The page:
£9.6 million for UCL 'long Covid' research

UCL researchers have been awarded nearly £10 million to look at ‘long-covid’

The award is over half of a total of £18.5 million of funding announced by UK Research and Innovation to tackle ‘Long Covid’ in the community.

Professor Nishi Chaturvedi of UCL will be leading a project looking at the long-term effects of Covid-19 in a bid to provide an evidence base for healthcare services.

The aim is to define what ‘Long-COVID’ is and improve diagnosis, by looking at why some people get the condition, the effect on their health and ability to work, and factors in their recovery. Researchers will also look at how best to ensure patients can access the right treatment and support.

The researchers will use data from more than 60,000 people drawn from a combination of anonymized primary care records and longitudinal studies of people of all ages across the country.

People reporting ‘Long-COVID’ and comparator groups will be asked to wear a wrist band measuring exercise ability, breathing and heart rate and to fill in online questionnaires on mental health.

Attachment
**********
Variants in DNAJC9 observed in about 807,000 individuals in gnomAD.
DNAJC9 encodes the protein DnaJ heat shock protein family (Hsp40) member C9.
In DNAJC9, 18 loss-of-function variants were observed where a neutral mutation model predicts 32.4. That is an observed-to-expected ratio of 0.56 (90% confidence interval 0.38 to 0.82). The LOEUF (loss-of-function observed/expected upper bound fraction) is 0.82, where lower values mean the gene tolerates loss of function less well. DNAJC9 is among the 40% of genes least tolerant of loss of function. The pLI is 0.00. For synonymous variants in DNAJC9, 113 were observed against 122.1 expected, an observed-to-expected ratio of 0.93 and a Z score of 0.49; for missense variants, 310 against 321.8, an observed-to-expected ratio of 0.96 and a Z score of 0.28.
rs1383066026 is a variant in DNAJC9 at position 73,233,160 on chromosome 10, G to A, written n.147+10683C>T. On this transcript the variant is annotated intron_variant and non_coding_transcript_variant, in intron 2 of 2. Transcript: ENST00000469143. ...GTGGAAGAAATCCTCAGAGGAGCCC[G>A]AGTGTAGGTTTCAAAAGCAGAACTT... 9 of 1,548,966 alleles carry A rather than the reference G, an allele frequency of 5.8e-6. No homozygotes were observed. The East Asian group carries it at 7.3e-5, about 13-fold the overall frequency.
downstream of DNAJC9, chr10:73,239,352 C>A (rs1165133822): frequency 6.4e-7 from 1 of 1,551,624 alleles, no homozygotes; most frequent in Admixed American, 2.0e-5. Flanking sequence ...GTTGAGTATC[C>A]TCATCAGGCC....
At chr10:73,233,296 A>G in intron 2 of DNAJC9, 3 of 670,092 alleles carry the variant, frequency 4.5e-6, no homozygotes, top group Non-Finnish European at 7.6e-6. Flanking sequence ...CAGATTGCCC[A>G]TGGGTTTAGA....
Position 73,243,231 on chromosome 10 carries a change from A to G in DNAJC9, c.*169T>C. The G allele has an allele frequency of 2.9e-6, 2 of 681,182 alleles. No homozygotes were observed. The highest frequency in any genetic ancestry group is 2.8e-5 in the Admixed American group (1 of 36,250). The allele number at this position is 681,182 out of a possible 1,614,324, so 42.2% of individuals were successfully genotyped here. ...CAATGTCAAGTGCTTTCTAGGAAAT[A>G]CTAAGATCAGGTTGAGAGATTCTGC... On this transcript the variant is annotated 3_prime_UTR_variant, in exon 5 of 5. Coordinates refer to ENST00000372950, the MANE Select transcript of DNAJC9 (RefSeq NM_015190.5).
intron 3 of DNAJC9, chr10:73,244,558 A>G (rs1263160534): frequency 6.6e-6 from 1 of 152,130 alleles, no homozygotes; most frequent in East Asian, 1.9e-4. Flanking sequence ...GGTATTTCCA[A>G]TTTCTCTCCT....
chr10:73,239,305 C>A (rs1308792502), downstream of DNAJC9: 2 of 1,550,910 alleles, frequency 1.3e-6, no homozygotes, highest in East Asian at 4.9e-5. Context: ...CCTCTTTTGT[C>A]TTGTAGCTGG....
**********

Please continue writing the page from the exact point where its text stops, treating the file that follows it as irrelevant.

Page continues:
They will also be invited to a clinic for non-invasive imaging to look at potential damage to vital organs, such as the brain, lungs and heart.

‘Long-COVID’ describes the symptoms and impaired quality of life beyond 12 weeks, that one in 10 people with Covid-19 experience. It may take the form of clusters of symptoms, often overlapping or fluctuating, including breathlessness, headaches, cough, fatigue and cognitive impairment or ‘brain fog’.